May all your Christmases be white

In 2018 almost everyone in southwest and west central Minnesota wondered whether or not we’d have a white Christmas.

Early in December a white Christmas looked like a sure thing. It seemed to be “made in the shade” thanks to a 7-inch snowfall.

Then a trend toward milder weather, which was welcome for the most part, put the white Christmas potential in doubt. As the snow began to recede, I was reminded of the television Christmas special, “Frosty the Snowman,” that I remember from when I was growing up. Frosty had to evacuate to the North Pole in a refrigerated boxcar to avoid melting away.

Our snow cover hung on for Christmas Day. It wasn’t the thick, powdery snow we associate with the Christmas season, but I’m sure almost everyone agrees that basically “we’ll take it.” It provided the dual benefits of snow cover and blacktop roads for holiday travel.

The white Christmas concept has strong roots in United States cultural history. It’s almost universally associated with Bing Crosby’s mid 20th century rendition of the song “White Christmas” that begins with the words “I’m dreaming of a white Christmas, just like the ones I used to know.”

As the song goes on to say, it’s where treetops glisten and children listen to hear sleigh bells in the snow. The singer thinks of snowy Christmas memories while writing Christmas cards.

“White Christmas” fits perfectly with the economic and social changes taking place in its time period. People no longer were likely to stay in one community all their lives. Instead they often moved to entirely different parts of the United States.

The long term pattern involved a shift from cold wintry areas of the Northeast and Midwest to warmer states such as California, Arizona, Texas and Florida. Except for mountain areas in the Sierras and desert Southwest, the chances of a white Christmas were nearly non-existent.

Many people responded with their memories, with their sentiments for how a Christmas just wasn’t totally complete without any snow.

There have been some ways of compensating. A song called “Christmas Island” based on the idea of Christmas in Hawaii includes a phrase about how Santa sails in with presents in a canoe.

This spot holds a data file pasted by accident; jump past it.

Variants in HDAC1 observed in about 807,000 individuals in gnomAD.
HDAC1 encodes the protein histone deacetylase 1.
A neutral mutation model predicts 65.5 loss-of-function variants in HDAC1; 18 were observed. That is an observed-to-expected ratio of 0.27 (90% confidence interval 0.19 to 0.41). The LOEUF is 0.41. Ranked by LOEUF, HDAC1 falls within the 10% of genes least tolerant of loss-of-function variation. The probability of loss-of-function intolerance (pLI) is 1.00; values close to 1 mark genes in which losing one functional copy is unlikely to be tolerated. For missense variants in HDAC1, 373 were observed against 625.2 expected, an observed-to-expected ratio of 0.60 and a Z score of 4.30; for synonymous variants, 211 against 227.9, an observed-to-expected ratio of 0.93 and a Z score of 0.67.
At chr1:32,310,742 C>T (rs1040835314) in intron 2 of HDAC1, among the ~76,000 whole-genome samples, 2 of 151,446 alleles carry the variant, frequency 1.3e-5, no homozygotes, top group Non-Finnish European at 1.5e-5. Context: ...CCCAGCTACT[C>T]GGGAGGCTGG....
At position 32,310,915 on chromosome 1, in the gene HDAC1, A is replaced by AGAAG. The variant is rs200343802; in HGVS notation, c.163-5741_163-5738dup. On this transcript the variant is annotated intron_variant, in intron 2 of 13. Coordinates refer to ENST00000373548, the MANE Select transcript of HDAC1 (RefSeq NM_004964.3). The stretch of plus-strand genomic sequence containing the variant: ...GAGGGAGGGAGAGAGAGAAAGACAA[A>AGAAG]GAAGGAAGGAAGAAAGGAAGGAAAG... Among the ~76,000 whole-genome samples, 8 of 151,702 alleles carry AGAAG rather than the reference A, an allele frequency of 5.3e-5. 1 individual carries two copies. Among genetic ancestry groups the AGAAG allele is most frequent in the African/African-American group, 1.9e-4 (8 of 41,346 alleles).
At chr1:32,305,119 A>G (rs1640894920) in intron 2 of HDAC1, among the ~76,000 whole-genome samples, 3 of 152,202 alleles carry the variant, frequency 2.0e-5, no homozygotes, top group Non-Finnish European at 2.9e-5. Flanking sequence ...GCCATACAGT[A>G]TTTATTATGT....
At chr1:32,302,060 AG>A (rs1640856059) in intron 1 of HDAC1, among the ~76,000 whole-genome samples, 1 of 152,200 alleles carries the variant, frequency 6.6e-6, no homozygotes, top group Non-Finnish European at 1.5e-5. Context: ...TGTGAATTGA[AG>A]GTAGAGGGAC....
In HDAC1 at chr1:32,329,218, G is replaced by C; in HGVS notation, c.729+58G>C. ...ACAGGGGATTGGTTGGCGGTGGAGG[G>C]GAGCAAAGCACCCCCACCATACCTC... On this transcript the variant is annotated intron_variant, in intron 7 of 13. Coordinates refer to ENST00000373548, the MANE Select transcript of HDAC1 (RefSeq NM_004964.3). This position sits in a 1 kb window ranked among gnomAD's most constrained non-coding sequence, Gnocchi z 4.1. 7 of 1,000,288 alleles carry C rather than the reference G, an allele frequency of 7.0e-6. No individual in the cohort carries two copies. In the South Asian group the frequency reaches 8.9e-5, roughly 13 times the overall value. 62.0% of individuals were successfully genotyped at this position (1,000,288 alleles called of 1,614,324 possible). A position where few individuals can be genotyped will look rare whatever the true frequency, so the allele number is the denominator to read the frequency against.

Even so, those who experienced white Christmases have never completely lost sight of them. It still comes across in 21st century movies and Christmas specials.

One example is the 2010 movie, “Christmas with the Kranks,” based on the fictional short novel “Skipping Christmas” by John Grisham. An empty nest middle aged couple decides to skip Christmas by investing their annual Christmas budget into a Caribbean cruise.

It meant forsaking holiday traditions such as buying a Christmas tree with proceeds going to support Boy Scouts, hosting an annual Christmas Eve party, and putting a giant lighted “Frosty” on the roof to go with other identical Frosties on the roofs of neighbors.

The decision to confine their Frosty to the basement defied an expectation of the neighborhood’s self-appointed block captain, a character filled with lots of character portrayed in a way that only a performer like Dan Ackroyd could manage. Responses included a protest with the chant “Free Frostie” and a wonderfully rowdy caroling session.

Everything changed when Blair, the Kranks’ daughter, surprised her parents with an announcement that she and her boyfriend would be home for Christmas. With help from the neighborhood, the Kranks threw together a holiday worth remembering.

The snow was a basic yet very important part of it, an added source of holiday enjoyment.

It’s not unusual to use fake snow as part of the scenery at Christmas concerts and plays. Snow for Christmas isn’t likely to go out of style. Most people want their days to be merry and bright, and they hope that all their Christmases are as white as possible.